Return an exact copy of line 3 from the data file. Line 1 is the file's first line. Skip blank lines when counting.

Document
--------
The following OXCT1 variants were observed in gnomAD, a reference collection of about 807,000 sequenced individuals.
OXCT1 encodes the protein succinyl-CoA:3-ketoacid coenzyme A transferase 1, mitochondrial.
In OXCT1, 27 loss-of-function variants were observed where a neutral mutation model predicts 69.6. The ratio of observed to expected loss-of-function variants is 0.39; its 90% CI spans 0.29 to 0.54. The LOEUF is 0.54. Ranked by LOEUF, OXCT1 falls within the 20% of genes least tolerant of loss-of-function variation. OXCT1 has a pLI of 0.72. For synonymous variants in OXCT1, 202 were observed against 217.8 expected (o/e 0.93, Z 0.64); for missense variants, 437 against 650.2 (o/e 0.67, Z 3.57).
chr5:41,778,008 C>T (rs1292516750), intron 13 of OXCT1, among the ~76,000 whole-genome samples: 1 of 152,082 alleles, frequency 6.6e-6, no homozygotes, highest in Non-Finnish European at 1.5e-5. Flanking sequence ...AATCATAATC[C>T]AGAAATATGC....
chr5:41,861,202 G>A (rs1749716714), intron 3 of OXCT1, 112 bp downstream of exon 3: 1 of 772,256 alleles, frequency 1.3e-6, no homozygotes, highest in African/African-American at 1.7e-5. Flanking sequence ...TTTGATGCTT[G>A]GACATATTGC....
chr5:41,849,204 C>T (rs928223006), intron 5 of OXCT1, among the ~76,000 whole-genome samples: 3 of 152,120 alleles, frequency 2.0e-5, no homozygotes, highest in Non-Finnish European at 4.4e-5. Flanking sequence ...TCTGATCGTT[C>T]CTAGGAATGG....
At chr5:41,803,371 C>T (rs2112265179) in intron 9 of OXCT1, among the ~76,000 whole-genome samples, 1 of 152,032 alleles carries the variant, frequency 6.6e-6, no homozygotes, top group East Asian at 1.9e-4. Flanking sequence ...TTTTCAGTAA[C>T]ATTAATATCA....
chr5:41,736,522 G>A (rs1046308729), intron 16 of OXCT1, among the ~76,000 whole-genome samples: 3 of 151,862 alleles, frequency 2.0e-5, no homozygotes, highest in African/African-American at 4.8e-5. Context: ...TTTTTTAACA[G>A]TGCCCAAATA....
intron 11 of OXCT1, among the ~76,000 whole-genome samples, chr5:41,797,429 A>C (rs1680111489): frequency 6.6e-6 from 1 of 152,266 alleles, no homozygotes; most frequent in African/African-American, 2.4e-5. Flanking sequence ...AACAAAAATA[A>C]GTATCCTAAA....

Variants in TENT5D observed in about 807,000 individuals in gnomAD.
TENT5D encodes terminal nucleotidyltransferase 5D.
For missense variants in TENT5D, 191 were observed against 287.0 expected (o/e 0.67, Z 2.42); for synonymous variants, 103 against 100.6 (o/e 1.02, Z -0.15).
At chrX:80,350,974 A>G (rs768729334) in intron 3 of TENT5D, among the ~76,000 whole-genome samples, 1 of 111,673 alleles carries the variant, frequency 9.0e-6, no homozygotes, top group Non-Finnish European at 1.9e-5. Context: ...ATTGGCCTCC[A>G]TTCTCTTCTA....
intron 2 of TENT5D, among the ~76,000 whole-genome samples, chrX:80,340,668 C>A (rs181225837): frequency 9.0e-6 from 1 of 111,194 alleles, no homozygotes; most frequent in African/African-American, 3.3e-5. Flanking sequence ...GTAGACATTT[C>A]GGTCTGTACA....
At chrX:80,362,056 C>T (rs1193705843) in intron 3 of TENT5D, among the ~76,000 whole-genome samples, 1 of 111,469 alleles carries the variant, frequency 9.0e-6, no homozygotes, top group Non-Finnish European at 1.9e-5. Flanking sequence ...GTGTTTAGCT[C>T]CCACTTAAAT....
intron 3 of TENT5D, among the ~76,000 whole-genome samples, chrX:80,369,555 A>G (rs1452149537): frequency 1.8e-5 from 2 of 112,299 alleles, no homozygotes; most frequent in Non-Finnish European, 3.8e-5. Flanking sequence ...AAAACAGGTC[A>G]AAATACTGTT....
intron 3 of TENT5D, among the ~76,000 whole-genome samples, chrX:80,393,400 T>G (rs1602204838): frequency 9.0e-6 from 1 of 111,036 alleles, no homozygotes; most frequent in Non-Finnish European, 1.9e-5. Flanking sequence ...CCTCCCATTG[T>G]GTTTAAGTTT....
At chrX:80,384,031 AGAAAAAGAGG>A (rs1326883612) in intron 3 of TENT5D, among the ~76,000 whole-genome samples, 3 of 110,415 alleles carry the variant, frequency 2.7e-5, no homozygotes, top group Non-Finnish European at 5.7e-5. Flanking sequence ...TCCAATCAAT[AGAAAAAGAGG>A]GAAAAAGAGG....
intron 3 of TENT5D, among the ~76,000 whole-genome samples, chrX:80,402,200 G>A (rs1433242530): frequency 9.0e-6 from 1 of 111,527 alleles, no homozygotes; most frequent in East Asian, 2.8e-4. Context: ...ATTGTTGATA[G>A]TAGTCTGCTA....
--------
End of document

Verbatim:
In OXCT1, 27 loss-of-function variants were observed where a neutral mutation model predicts 69.6. The ratio of observed to expected loss-of-function variants is 0.39; its 90% CI spans 0.29 to 0.54. The LOEUF is 0.54. Ranked by LOEUF, OXCT1 falls within the 20% of genes least tolerant of loss-of-function variation. OXCT1 has a pLI of 0.72. For synonymous variants in OXCT1, 202 were observed against 217.8 expected (o/e 0.93, Z 0.64); for missense variants, 437 against 650.2 (o/e 0.67, Z 3.57).